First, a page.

A few examples of the instruction:
On the Capital O
How is the Capital O formed? Begin three spaces above the base line, and descend with a full left curve, on main slant, to base line; unite in an oval turn and ascend with an opposite right curve to within one-fourth space of top; unite in another oval turn and descend with another left curve within one-third space of the first and similar to it, ending one-third space above base line.
On the small N
How should the small n be formed? Begin on base line, and ascend with a left curve on connective slant, one space; turn short and descend with a straight line on main slant to base; then unite angularly and ascend with a left curve on connective slant, one space; again turn short and descend with a straight line on main slant to base; finally turn short and ascend with a right curve on connective slant, one space. Let the curves be equal, the turns equal, and the straight lines parallel.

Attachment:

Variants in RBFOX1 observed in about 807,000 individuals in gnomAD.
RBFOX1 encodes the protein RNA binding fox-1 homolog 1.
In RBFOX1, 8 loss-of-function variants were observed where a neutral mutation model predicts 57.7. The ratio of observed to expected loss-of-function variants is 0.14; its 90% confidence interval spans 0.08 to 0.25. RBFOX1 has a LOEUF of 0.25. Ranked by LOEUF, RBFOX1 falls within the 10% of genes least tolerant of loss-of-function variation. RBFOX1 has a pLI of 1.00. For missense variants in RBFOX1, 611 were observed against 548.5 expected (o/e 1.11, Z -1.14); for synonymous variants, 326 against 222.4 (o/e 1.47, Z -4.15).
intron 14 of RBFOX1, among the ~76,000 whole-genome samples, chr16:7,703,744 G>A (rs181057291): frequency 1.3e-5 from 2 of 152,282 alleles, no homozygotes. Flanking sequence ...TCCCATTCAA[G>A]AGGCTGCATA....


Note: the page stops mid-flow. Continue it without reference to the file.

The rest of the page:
And et cetera. You get the idea. If you don’t get the idea, here are my attempts at Os and ns! (Although technically, the Os are “Omen” and the ns are “ni” – perhaps Spencer was a time-traveling fan of Monty Python and the Holy Grail?) (Also, prime opportunity for a “bad omens” joke.) (In my defense, I did skip ahead to Copybook the Third for those Omens.) (Wow. Many parentheses. Much grammar.) My nis aren’t too bad, actually; you can see where I switched my position a little and I think I got a huge improvement in quality from that switch. Must reread front and right positions! My Omens need work, but I’m reminding myself I skipped a copybook to have the example. The slant is incorrect – I’m far too upright – and my letter spacing is too narrow. However, I did notice when writing out those Omens that practicing proper letter creation gets easier when you’re in the rhythm of using the (writing with the?) script. I can see how it lives up to its ideal of being written quickly yet legibly.